Most of my clients pay me to help them develop strategies and keep them accountable. Generally, I help people STOP procrastinating and get past blocks. But recently I realized that sometimes procrastination…isn’t.
Here is one example: My small business clients frequently hire me to do some kind of business writing for them, in addition to my consulting services. Over the past month I took an objective look at my creative process and realized that I produce much better content in a much shorter time if I factor in time to putter around or ruminate.
It has gotten to the point where I will actually add this processing time into a project timeline.
So while I am walking or doing yoga or cooking or generally looking like I am procrastinating, actually a lot of progress is being made behind the scenes! When I finally sit down to write, the words literally pour out of me and good content is created very quickly.
I then walk away and do something else and come back to edit the copy later.
Usually clients accept the first or second draft of my copy. My writing quality and client satisfaction have skyrocketed. All because I have learned to respect my creative process.
I have a client who goes through a similar process and needs time to “do nothing” – but adds in waiting until the project is due so he feels like he is in a pressure cooker. He was a former reporter so that kind of time-crunched deadline feels right to him, and his work is excellent. However, this is a combination of both good and bad procrastination in my opinion. We are working together to get him out of the habit of waiting until the last minute. It’s not great for his stress level.
If you are a genuinely procrastinating and need to get more done, I highly recommend that you take a look at this presentation Productivity: The Secret Sauce. I speak on this topic frequently and always get great reviews. Hopefully there is something in it that can help you.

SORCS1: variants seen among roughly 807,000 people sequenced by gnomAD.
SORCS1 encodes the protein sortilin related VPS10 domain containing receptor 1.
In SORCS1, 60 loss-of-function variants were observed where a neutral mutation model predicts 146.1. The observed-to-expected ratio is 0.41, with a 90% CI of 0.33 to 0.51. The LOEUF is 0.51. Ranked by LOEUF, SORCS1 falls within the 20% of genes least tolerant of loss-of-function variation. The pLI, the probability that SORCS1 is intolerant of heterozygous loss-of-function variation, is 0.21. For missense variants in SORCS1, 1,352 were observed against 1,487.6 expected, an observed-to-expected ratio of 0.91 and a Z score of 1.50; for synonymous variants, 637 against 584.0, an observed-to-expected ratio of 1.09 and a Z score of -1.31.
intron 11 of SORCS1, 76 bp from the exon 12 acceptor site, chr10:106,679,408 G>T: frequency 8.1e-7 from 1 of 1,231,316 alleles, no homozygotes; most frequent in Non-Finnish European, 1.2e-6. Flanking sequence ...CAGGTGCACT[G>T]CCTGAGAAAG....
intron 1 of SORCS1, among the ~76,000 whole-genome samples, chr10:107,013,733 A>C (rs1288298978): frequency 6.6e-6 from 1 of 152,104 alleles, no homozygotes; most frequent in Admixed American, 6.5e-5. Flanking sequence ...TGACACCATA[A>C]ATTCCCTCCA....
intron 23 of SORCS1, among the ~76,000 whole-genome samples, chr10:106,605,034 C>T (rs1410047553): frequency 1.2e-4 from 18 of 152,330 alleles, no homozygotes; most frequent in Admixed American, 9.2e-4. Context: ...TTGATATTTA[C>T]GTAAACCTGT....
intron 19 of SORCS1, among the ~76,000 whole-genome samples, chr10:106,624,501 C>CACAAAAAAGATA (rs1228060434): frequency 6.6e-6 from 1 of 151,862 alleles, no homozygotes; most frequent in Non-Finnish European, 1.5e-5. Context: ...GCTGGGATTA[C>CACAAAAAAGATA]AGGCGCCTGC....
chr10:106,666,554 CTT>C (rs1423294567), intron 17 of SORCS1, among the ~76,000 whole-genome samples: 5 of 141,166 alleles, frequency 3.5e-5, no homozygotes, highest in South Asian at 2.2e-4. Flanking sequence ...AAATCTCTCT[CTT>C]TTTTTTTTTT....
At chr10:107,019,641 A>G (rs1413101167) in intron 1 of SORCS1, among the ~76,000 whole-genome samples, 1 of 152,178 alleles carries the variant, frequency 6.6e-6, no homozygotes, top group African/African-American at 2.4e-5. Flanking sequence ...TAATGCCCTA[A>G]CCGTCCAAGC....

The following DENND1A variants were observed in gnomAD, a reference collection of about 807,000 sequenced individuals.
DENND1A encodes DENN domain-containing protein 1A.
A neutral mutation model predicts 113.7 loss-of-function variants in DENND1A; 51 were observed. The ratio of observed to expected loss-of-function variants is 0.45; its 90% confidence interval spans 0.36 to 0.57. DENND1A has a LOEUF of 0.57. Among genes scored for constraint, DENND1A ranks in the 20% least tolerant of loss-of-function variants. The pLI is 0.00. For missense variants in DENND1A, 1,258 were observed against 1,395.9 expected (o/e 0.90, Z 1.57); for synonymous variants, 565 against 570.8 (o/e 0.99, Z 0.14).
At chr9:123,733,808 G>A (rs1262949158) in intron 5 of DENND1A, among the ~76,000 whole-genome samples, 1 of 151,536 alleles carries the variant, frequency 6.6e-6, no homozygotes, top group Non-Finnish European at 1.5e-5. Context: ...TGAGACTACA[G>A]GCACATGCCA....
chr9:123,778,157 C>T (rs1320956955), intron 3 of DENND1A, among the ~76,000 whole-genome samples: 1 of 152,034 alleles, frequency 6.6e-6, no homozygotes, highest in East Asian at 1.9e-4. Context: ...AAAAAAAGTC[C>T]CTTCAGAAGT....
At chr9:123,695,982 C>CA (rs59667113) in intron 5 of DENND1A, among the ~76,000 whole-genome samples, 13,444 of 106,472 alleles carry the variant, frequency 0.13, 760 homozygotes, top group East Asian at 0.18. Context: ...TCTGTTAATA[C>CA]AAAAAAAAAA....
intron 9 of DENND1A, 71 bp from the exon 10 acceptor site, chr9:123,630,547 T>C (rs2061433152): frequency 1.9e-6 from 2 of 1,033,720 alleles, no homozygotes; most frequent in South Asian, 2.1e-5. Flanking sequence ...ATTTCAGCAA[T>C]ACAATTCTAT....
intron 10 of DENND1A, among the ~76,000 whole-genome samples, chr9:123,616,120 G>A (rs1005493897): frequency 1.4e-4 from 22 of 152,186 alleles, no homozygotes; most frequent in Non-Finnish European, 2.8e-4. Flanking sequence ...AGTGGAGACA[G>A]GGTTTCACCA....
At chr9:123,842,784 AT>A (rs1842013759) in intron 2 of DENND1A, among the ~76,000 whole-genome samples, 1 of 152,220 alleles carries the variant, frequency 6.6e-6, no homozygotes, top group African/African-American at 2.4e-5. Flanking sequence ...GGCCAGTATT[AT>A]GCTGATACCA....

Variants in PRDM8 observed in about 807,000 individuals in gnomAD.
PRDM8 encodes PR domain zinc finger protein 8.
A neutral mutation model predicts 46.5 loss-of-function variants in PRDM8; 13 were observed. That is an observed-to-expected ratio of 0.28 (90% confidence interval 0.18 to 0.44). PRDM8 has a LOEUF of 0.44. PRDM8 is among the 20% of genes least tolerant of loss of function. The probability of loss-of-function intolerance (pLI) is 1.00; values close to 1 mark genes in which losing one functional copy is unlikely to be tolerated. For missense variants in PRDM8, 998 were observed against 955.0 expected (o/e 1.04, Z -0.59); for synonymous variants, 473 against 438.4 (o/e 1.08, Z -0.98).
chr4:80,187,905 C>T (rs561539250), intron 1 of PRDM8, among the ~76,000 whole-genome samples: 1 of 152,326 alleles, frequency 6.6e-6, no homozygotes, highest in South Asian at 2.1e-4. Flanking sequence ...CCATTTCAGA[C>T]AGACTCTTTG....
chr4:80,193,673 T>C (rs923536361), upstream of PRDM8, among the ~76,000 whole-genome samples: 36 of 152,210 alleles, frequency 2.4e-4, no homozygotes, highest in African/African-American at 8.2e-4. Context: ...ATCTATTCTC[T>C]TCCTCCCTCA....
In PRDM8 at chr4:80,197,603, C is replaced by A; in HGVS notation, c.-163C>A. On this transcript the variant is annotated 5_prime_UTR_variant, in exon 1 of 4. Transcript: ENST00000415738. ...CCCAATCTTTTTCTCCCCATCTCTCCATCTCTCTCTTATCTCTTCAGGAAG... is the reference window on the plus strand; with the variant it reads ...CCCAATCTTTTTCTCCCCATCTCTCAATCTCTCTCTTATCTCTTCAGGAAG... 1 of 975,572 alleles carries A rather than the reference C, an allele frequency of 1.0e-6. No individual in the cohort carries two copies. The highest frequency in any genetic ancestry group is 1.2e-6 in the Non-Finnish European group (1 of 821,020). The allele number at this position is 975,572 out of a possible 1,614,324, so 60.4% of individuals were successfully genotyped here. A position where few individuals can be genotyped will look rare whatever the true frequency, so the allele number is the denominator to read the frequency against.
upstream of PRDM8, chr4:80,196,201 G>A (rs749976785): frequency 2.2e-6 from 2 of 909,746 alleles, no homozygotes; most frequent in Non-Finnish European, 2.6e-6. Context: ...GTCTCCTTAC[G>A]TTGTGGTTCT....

I urge you to take a long, objective look at your creative process so you can make it easier for yourself to produce your best work. Just adding in that one step has had amazing results for me.
So what do you think? Do you have a creative process? Do you need time to ruminate or do you “just do it”? I’d love to hear your thoughts and suggestions.
Catherine Morgan is the editor of Business Unplugged ™, an engaging speaker, and the founder of Point A to Point B Transitions Inc., a virtual provider of coaching services to individuals who are in business or career transition. Catherine is the author of the eBook Re-Launch You: Discovering Your Point B and Embracing Possibility. An experienced independent consultant and former employee of three of the former Big Five consulting firms, Catherine combines strategy development with accountability coaching. Her productivity tips and career transition advice have been featured on WGN AM 720 and WIND AM 560 The Answer in Chicago, and on WCHE AM 1520 in the Philadelphia area. Catherine speaks frequently on topics related to productivity, career transition, small business, and entrepreneurship. She doesn’t take herself seriously, but takes her subject matter very seriously.
Fun fact: If I am cooking an elaborate lunch someone will walk in the kitchen and say, "Smells great! What are you avoiding doing?" Sometimes it IS avoidance, and sometimes it is part of my process. The trick is to know the difference.